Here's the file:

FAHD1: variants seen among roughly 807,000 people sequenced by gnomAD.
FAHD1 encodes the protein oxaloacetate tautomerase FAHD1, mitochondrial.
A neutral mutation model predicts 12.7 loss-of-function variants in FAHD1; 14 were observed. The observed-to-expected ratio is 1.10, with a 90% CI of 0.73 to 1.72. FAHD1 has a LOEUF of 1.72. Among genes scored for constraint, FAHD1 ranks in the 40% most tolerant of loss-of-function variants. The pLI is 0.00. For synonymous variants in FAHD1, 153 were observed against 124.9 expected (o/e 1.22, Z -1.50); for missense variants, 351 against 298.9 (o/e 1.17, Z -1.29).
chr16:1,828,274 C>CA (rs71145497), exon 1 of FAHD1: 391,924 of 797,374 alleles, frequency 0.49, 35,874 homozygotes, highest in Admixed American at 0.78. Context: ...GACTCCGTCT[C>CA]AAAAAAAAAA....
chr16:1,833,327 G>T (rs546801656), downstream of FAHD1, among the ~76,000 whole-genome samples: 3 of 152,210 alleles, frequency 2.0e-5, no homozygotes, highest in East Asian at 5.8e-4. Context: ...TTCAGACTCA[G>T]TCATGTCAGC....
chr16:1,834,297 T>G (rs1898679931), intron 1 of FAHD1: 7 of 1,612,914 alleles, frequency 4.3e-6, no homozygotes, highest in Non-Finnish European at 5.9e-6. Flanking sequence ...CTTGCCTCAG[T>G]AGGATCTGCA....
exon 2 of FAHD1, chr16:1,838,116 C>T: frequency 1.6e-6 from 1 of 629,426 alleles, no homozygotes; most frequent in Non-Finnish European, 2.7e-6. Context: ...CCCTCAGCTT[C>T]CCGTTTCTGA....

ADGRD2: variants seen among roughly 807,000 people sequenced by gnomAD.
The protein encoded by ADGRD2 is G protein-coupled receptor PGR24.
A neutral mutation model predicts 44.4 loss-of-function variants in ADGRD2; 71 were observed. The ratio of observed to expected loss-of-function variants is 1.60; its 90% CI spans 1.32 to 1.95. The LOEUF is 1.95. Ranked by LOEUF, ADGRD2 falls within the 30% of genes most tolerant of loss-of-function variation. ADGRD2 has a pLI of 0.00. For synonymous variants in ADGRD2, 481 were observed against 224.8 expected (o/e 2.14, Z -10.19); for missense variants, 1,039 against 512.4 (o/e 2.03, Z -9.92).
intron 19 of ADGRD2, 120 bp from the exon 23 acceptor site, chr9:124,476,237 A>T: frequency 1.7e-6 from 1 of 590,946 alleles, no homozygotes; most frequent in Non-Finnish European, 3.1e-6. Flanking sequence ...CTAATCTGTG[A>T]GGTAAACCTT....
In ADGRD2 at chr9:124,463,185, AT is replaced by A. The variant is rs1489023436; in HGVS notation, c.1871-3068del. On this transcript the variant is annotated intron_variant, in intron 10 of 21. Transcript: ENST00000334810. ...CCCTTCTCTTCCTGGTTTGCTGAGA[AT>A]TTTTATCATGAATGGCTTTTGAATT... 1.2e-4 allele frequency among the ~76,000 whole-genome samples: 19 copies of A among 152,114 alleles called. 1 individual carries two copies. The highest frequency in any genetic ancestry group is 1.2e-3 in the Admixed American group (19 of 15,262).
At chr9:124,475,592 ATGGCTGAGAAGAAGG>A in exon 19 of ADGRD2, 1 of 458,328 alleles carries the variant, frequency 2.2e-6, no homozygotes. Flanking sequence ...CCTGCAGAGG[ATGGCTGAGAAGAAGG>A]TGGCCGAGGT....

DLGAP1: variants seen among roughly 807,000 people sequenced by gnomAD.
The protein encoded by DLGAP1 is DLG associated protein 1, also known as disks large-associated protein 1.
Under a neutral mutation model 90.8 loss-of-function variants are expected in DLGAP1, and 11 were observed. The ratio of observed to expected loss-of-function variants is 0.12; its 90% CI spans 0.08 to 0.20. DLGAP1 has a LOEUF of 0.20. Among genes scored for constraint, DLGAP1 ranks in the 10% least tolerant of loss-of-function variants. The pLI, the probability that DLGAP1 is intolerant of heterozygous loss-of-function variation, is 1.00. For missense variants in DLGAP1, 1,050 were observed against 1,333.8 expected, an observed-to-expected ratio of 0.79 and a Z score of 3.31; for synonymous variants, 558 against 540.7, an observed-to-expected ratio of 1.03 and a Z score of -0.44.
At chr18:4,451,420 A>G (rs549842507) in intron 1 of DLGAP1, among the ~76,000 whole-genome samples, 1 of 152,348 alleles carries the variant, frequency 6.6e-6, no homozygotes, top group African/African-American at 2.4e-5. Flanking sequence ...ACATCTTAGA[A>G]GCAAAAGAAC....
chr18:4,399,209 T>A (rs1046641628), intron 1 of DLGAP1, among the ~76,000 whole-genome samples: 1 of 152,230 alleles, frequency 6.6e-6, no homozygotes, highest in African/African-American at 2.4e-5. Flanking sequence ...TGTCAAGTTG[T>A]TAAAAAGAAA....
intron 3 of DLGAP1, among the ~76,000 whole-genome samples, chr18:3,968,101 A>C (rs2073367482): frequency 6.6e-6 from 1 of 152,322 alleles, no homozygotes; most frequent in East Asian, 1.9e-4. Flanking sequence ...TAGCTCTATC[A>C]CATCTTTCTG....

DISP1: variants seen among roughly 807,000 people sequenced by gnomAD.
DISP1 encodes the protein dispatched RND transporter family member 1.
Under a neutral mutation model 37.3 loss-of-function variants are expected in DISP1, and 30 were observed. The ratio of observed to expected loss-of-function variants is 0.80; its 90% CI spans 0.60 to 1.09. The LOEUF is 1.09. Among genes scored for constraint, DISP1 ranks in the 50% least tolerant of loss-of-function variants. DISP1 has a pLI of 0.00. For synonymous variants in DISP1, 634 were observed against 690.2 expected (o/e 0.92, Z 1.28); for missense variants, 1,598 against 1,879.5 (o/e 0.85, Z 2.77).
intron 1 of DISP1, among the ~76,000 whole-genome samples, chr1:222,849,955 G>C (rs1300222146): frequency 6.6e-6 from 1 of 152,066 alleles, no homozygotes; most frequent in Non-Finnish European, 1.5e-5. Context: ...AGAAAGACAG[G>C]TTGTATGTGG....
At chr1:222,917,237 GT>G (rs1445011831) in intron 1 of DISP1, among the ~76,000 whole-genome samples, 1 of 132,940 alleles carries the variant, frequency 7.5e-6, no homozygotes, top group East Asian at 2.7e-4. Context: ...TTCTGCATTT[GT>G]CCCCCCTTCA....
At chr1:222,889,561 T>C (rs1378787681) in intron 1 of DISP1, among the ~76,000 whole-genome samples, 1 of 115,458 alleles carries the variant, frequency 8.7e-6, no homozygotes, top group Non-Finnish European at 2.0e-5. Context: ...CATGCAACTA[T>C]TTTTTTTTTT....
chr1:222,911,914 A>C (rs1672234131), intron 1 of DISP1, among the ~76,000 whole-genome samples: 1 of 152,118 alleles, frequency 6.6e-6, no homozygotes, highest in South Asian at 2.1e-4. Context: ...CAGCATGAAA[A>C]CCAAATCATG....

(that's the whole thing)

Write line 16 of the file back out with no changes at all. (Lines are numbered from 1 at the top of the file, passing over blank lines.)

Under a neutral mutation model 90.8 loss-of-function variants are expected in DLGAP1, and 11 were observed. The ratio of observed to expected loss-of-function variants is 0.12; its 90% CI spans 0.08 to 0.20. DLGAP1 has a LOEUF of 0.20. Among genes scored for constraint, DLGAP1 ranks in the 10% least tolerant of loss-of-function variants. The pLI, the probability that DLGAP1 is intolerant of heterozygous loss-of-function variation, is 1.00. For missense variants in DLGAP1, 1,050 were observed against 1,333.8 expected, an observed-to-expected ratio of 0.79 and a Z score of 3.31; for synonymous variants, 558 against 540.7, an observed-to-expected ratio of 1.03 and a Z score of -0.44.